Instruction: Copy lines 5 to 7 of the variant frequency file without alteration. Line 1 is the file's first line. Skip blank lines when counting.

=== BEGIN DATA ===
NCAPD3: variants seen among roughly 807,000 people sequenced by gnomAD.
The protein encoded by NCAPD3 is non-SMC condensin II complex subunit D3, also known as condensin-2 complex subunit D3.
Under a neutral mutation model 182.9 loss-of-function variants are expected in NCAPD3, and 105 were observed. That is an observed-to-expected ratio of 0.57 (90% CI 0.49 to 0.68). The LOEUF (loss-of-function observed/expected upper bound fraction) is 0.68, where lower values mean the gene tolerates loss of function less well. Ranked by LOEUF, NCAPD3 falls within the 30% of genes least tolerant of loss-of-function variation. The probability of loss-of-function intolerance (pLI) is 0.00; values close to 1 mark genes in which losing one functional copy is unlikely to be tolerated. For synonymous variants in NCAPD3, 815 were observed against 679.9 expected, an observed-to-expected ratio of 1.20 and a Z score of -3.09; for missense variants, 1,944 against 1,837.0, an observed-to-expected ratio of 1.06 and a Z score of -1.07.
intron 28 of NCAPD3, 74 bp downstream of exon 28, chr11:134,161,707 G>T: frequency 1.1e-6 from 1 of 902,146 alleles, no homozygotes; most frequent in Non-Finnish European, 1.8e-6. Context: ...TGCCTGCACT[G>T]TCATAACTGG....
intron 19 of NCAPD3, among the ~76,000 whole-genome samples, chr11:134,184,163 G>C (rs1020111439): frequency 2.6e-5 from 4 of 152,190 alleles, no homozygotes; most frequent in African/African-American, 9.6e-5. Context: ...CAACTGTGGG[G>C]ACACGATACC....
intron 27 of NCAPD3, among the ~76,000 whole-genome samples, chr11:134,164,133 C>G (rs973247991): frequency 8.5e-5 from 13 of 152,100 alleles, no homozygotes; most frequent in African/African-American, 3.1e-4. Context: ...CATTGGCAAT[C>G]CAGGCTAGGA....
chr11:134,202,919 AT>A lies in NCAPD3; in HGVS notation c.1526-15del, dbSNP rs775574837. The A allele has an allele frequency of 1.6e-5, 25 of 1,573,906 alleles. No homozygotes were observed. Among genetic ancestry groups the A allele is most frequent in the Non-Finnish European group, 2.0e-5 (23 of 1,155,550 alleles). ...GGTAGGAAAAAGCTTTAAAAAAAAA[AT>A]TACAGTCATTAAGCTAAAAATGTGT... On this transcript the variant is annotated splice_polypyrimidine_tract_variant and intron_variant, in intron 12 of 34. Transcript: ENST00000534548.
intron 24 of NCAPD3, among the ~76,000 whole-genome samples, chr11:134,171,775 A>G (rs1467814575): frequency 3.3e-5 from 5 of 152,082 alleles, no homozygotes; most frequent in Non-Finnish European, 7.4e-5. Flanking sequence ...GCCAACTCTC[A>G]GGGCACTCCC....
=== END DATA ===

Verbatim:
intron 19 of NCAPD3, among the ~76,000 whole-genome samples, chr11:134,184,163 G>C (rs1020111439): frequency 2.6e-5 from 4 of 152,190 alleles, no homozygotes; most frequent in African/African-American, 9.6e-5. Context: ...CAACTGTGGG[G>C]ACACGATACC....
intron 27 of NCAPD3, among the ~76,000 whole-genome samples, chr11:134,164,133 C>G (rs973247991): frequency 8.5e-5 from 13 of 152,100 alleles, no homozygotes; most frequent in African/African-American, 3.1e-4. Context: ...CATTGGCAAT[C>G]CAGGCTAGGA....
chr11:134,202,919 AT>A lies in NCAPD3; in HGVS notation c.1526-15del, dbSNP rs775574837. The A allele has an allele frequency of 1.6e-5, 25 of 1,573,906 alleles. No homozygotes were observed. Among genetic ancestry groups the A allele is most frequent in the Non-Finnish European group, 2.0e-5 (23 of 1,155,550 alleles). ...GGTAGGAAAAAGCTTTAAAAAAAAA[AT>A]TACAGTCATTAAGCTAAAAATGTGT... On this transcript the variant is annotated splice_polypyrimidine_tract_variant and intron_variant, in intron 12 of 34. Transcript: ENST00000534548.